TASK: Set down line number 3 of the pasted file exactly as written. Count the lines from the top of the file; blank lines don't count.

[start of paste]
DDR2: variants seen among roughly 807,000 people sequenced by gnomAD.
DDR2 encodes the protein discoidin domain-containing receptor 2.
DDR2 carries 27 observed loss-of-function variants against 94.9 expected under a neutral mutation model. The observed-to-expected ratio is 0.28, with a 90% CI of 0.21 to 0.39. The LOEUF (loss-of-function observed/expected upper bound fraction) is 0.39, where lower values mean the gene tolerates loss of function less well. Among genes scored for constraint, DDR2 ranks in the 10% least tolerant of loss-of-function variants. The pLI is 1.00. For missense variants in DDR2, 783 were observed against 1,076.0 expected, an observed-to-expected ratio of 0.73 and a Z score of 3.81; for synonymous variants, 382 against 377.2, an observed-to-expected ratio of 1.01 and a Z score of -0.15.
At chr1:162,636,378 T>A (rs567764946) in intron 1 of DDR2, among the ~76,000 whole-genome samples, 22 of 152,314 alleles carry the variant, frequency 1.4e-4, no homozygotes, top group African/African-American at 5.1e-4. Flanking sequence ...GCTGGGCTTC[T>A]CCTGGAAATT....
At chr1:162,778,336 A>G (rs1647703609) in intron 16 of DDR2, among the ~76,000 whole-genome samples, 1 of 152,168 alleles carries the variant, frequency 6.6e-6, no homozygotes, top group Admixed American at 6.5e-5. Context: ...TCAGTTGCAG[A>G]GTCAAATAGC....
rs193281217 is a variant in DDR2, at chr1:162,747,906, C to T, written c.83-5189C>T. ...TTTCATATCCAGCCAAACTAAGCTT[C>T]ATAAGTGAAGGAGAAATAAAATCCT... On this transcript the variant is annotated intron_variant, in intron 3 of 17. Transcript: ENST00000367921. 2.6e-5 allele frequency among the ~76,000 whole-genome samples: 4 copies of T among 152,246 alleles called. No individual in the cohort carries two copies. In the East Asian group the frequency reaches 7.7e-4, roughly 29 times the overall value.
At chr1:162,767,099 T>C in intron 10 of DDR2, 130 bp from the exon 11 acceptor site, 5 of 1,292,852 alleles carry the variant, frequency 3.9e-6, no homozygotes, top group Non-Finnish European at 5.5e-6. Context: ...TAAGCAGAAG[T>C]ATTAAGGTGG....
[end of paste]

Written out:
DDR2 carries 27 observed loss-of-function variants against 94.9 expected under a neutral mutation model. The observed-to-expected ratio is 0.28, with a 90% CI of 0.21 to 0.39. The LOEUF (loss-of-function observed/expected upper bound fraction) is 0.39, where lower values mean the gene tolerates loss of function less well. Among genes scored for constraint, DDR2 ranks in the 10% least tolerant of loss-of-function variants. The pLI is 1.00. For missense variants in DDR2, 783 were observed against 1,076.0 expected, an observed-to-expected ratio of 0.73 and a Z score of 3.81; for synonymous variants, 382 against 377.2, an observed-to-expected ratio of 1.01 and a Z score of -0.15.